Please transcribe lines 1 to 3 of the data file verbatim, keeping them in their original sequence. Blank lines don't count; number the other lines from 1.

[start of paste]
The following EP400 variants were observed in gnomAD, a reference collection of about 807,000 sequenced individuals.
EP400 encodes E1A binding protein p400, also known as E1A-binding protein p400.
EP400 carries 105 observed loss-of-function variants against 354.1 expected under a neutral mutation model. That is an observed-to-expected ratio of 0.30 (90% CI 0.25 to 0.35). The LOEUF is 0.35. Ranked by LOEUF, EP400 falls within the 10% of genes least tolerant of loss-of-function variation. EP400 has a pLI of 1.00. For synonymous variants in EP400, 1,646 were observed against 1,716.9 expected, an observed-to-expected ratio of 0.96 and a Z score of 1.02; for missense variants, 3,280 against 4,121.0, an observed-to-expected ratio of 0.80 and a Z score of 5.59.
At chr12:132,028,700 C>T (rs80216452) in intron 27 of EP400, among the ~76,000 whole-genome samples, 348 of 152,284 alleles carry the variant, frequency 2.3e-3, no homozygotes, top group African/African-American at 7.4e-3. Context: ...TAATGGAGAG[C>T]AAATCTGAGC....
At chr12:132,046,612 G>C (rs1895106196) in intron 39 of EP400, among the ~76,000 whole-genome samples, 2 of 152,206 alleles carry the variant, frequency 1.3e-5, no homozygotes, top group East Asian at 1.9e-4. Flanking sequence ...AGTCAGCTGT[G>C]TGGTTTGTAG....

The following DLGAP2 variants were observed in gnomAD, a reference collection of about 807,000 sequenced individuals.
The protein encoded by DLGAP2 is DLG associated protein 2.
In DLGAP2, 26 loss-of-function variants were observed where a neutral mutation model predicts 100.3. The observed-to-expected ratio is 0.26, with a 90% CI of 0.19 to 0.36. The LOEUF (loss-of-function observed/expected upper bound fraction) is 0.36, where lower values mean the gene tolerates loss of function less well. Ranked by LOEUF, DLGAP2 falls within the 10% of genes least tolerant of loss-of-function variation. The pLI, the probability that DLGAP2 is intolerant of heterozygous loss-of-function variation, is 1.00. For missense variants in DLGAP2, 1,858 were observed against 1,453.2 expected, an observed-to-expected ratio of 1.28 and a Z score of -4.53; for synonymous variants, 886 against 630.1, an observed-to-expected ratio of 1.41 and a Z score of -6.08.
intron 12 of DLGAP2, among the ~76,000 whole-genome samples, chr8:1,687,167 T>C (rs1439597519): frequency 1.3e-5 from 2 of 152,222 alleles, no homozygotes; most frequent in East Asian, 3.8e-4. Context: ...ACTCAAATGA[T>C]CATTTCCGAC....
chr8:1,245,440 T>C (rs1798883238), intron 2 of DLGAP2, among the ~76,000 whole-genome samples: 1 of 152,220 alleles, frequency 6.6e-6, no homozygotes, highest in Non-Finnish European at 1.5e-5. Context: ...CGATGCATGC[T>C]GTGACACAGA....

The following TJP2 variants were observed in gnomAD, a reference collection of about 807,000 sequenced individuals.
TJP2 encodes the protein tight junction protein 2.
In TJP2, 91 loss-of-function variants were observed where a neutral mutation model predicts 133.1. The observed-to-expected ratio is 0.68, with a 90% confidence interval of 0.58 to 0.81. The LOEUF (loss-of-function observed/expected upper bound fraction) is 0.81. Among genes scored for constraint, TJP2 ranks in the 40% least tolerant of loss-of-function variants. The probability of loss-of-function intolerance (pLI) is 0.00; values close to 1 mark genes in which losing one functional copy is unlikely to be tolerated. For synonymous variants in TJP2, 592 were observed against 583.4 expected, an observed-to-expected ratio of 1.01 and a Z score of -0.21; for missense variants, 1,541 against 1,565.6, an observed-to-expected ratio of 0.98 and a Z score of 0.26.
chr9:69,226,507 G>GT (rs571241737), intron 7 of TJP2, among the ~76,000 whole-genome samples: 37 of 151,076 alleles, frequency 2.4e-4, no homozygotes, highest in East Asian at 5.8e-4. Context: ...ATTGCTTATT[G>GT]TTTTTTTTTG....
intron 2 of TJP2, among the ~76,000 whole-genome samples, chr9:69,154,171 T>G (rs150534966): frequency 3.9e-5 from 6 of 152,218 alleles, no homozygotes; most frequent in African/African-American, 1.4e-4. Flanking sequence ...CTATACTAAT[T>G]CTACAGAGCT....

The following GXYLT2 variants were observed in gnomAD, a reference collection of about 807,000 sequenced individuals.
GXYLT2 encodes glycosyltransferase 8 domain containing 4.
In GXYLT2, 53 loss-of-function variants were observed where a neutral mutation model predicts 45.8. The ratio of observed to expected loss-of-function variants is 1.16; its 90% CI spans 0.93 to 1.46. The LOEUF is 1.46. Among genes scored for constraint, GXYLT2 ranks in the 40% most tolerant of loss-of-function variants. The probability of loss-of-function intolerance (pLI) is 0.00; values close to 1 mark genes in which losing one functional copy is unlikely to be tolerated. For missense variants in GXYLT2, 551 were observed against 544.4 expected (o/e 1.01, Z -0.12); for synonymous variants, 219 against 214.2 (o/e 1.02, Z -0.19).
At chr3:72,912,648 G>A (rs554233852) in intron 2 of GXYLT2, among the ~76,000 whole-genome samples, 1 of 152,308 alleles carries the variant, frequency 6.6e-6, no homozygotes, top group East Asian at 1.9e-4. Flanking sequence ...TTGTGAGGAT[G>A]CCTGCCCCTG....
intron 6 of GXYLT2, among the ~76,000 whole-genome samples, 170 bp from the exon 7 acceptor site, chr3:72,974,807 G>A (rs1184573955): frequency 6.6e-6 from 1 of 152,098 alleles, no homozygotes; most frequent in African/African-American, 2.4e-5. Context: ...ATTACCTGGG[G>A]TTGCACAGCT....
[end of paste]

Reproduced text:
The following EP400 variants were observed in gnomAD, a reference collection of about 807,000 sequenced individuals.
EP400 encodes E1A binding protein p400, also known as E1A-binding protein p400.
EP400 carries 105 observed loss-of-function variants against 354.1 expected under a neutral mutation model. That is an observed-to-expected ratio of 0.30 (90% CI 0.25 to 0.35). The LOEUF is 0.35. Ranked by LOEUF, EP400 falls within the 10% of genes least tolerant of loss-of-function variation. EP400 has a pLI of 1.00. For synonymous variants in EP400, 1,646 were observed against 1,716.9 expected, an observed-to-expected ratio of 0.96 and a Z score of 1.02; for missense variants, 3,280 against 4,121.0, an observed-to-expected ratio of 0.80 and a Z score of 5.59.